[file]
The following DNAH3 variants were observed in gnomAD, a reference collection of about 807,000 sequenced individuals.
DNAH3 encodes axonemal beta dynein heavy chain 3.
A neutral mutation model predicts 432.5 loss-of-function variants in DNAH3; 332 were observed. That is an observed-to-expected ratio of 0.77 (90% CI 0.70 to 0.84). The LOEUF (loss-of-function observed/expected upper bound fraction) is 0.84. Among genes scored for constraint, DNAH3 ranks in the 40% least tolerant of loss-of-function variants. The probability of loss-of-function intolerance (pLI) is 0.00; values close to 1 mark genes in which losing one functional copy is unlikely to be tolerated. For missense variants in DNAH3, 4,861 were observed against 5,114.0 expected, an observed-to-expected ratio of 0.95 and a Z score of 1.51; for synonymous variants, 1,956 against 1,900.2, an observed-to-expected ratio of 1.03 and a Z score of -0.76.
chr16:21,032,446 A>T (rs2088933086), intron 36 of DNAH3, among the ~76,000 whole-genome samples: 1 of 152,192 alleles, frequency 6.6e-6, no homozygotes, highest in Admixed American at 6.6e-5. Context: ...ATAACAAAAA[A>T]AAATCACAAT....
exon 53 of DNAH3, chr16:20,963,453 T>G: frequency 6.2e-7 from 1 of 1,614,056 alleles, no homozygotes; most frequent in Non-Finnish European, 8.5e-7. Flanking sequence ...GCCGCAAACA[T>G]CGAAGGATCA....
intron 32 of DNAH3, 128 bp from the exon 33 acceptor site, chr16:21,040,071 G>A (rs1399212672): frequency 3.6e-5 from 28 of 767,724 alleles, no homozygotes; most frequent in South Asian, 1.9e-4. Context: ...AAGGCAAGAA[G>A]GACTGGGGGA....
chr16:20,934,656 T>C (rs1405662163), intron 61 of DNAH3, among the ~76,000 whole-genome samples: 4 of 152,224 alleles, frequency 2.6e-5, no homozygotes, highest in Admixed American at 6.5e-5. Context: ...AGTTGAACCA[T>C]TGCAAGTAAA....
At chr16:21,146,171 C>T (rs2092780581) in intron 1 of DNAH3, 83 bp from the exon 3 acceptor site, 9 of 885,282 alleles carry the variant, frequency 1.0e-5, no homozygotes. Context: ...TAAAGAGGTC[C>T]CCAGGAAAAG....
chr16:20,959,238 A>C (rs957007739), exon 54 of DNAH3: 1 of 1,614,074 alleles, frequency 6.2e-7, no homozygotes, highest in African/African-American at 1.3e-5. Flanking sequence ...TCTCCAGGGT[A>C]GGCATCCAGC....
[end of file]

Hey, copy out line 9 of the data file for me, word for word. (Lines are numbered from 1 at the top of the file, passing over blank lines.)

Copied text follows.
chr16:20,959,238 A>C (rs957007739), exon 54 of DNAH3: 1 of 1,614,074 alleles, frequency 6.2e-7, no homozygotes, highest in African/African-American at 1.3e-5. Flanking sequence ...TCTCCAGGGT[A>C]GGCATCCAGC....